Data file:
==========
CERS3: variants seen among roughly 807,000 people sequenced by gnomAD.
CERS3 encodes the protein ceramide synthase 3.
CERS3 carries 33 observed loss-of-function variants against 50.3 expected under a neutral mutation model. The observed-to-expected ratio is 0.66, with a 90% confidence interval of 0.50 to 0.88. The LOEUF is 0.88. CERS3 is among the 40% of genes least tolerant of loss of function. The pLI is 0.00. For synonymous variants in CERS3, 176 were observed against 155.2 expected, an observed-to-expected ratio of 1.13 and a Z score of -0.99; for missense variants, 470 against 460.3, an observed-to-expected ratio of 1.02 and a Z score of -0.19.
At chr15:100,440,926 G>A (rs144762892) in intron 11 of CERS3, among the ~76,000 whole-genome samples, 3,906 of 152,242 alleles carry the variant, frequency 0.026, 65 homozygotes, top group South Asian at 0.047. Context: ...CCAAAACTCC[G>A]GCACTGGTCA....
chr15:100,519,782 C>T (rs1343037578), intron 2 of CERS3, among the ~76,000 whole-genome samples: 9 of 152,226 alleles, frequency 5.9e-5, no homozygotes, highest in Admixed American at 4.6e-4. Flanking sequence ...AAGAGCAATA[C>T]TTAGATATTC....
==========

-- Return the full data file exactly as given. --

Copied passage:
CERS3: variants seen among roughly 807,000 people sequenced by gnomAD.
CERS3 encodes the protein ceramide synthase 3.
CERS3 carries 33 observed loss-of-function variants against 50.3 expected under a neutral mutation model. The observed-to-expected ratio is 0.66, with a 90% confidence interval of 0.50 to 0.88. The LOEUF is 0.88. CERS3 is among the 40% of genes least tolerant of loss of function. The pLI is 0.00. For synonymous variants in CERS3, 176 were observed against 155.2 expected, an observed-to-expected ratio of 1.13 and a Z score of -0.99; for missense variants, 470 against 460.3, an observed-to-expected ratio of 1.02 and a Z score of -0.19.
At chr15:100,440,926 G>A (rs144762892) in intron 11 of CERS3, among the ~76,000 whole-genome samples, 3,906 of 152,242 alleles carry the variant, frequency 0.026, 65 homozygotes, top group South Asian at 0.047. Context: ...CCAAAACTCC[G>A]GCACTGGTCA....
chr15:100,519,782 C>T (rs1343037578), intron 2 of CERS3, among the ~76,000 whole-genome samples: 9 of 152,226 alleles, frequency 5.9e-5, no homozygotes, highest in Admixed American at 4.6e-4. Flanking sequence ...AAGAGCAATA[C>T]TTAGATATTC....